Consumer watchdog Which? has criticised British banks for ripping off customers with low interest rates and high overdraft fees.
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The campaign group insists free banking is "a myth", and slammed banks for lobbying for the right to charge a monthly fee to cover cash machine withdrawals, direct debits, standing orders and cheques.
While many of the high street banks advertise "free" banking services, Which? claims that most are raking in large sums from current account customers via hidden charges, poor interest rates and exorbitant fees for unarranged borrowing.
Which? cited fees charged for using a debit card overseas, which could see holidaymakers paying almost £15 for making two £100 cash withdrawals and two £50 direct debit card payments abroad.
The watchdog also suggested that overdraft fees were particularly problematic for customers. The likes of RBS/Natwest and HSBC not only charge 19.9 per cent APR on authorised overdrafts, but going over the arranged limit for just two days per month resulted in charges ranging from £120 to a staggering £900 a year.
Those safely in the black, on the other hand, gain little benefit due to paltry interest rates.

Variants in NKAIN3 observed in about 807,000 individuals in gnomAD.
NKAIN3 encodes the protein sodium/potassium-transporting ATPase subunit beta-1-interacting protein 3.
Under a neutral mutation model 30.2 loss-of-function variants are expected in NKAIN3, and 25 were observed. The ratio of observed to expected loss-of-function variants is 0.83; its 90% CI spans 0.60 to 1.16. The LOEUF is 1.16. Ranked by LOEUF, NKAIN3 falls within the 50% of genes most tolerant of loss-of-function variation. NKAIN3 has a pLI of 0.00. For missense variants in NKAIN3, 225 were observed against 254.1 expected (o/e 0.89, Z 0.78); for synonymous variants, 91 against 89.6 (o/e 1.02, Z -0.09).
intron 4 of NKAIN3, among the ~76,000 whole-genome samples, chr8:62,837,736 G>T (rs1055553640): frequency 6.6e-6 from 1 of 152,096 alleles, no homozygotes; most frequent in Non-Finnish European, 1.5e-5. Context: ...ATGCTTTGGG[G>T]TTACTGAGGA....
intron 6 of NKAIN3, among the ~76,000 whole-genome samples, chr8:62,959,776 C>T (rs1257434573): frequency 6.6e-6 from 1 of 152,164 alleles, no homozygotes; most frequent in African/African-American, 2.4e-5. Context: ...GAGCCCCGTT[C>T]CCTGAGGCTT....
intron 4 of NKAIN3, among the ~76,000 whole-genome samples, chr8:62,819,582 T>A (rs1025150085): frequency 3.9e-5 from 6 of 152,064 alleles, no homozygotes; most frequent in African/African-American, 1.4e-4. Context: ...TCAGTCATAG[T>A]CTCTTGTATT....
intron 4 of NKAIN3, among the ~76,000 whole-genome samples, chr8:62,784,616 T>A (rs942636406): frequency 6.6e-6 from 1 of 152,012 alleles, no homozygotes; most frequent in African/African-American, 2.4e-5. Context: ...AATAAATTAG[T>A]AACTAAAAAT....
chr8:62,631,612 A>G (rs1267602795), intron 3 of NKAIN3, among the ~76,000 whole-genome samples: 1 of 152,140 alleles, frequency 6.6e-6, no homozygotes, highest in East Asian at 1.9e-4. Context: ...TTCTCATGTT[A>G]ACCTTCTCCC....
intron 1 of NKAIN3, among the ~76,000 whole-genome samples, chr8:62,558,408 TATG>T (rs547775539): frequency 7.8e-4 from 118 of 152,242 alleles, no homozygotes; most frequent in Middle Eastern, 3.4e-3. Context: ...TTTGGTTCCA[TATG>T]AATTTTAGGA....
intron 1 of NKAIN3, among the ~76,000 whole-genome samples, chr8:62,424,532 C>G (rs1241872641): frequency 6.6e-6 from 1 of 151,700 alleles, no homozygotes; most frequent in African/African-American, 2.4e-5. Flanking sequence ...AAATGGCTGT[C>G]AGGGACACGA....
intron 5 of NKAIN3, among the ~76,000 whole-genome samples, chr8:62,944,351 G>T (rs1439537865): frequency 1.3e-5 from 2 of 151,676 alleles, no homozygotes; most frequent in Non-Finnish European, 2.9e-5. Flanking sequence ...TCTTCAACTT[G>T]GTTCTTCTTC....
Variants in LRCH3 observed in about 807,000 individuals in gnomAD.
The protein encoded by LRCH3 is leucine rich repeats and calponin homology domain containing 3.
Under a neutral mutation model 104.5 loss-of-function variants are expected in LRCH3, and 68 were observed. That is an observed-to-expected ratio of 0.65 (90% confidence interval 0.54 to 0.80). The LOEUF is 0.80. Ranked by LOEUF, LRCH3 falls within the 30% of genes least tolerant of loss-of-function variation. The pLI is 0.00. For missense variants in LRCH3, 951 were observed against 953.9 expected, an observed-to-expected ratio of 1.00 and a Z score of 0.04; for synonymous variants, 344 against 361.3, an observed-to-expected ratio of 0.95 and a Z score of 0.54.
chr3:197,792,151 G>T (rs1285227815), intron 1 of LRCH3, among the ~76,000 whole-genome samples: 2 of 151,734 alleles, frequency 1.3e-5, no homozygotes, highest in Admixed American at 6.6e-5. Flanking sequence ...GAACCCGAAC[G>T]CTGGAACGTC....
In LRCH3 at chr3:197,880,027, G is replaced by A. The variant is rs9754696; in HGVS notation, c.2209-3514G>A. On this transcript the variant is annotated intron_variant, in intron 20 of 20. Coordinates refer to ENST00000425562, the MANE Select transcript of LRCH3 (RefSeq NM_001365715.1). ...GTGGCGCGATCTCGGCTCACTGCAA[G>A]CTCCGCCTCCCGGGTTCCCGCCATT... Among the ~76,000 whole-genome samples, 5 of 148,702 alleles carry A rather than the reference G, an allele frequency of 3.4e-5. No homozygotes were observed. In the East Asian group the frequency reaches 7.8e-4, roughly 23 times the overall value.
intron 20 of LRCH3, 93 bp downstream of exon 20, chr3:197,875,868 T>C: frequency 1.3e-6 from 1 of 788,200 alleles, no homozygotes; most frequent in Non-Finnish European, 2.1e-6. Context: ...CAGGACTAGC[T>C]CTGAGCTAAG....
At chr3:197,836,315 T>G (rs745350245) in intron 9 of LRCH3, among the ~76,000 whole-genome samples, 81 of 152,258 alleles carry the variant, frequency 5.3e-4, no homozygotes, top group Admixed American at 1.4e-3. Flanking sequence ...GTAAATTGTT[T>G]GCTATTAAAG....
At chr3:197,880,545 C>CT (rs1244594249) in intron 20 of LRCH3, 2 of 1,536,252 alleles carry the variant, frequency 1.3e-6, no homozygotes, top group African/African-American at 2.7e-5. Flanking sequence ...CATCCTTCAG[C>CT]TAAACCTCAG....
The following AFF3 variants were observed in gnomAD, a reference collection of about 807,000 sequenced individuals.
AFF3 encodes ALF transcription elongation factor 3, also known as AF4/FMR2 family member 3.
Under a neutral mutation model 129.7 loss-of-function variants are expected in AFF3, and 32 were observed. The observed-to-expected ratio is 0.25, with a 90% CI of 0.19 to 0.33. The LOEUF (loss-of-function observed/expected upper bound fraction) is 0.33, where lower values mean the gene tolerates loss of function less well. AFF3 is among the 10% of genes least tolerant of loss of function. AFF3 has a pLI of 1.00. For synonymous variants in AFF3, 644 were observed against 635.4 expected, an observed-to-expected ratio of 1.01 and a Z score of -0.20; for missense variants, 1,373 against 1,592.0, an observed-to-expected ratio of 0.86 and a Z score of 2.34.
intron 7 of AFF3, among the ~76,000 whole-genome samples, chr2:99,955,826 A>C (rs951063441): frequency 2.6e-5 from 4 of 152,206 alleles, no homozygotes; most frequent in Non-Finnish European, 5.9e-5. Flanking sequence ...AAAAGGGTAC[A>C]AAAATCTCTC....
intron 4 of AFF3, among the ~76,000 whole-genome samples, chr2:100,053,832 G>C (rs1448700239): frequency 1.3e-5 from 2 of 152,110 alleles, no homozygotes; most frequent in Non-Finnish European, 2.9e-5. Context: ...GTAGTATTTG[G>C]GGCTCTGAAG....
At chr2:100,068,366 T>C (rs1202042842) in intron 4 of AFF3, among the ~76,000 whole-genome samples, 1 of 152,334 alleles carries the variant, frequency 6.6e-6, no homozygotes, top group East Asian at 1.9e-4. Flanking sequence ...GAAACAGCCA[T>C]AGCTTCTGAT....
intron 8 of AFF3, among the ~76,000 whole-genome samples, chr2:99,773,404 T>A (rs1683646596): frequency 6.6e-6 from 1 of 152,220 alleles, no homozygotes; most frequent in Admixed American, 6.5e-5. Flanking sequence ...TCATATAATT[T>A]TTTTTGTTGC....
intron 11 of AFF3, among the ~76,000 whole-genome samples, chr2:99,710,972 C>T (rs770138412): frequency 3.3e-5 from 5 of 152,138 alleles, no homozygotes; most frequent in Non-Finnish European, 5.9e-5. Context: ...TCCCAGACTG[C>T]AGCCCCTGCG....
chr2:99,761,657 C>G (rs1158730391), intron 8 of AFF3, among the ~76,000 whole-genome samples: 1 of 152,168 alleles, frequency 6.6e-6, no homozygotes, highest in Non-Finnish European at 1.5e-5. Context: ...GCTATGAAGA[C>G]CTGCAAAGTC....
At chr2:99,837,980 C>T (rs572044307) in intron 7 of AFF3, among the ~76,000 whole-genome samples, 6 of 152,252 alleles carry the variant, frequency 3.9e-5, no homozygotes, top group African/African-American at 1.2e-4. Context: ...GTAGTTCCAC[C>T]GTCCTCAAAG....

And since free banking is a "myth", Which? suggests the idea of charging customers up to £15 a month for the privilege of having a current account is "a slap in the face for consumers".
Peter Vicary-Smith, executive director of the consumer watchdog, told the Daily Mail: "When some people are paying up to £900 a year in bank charges it completely shatters the myth that banking is free.
"The suggestion that banks should increase charges to avoid more scandals defies logic and is a slap in the face for consumers who are being hit hard by one of the worst financial crises in recent times.
"It's a disgrace that the very people who bailed out the banks are being asked to pay more for the most basic accounts, while the industry continues to be rocked by scandals like PPI mis-selling, Libor rate-rigging and IT failures. Banks must be far more transparent about their fees and charges so that people can clearly see what they already pay."
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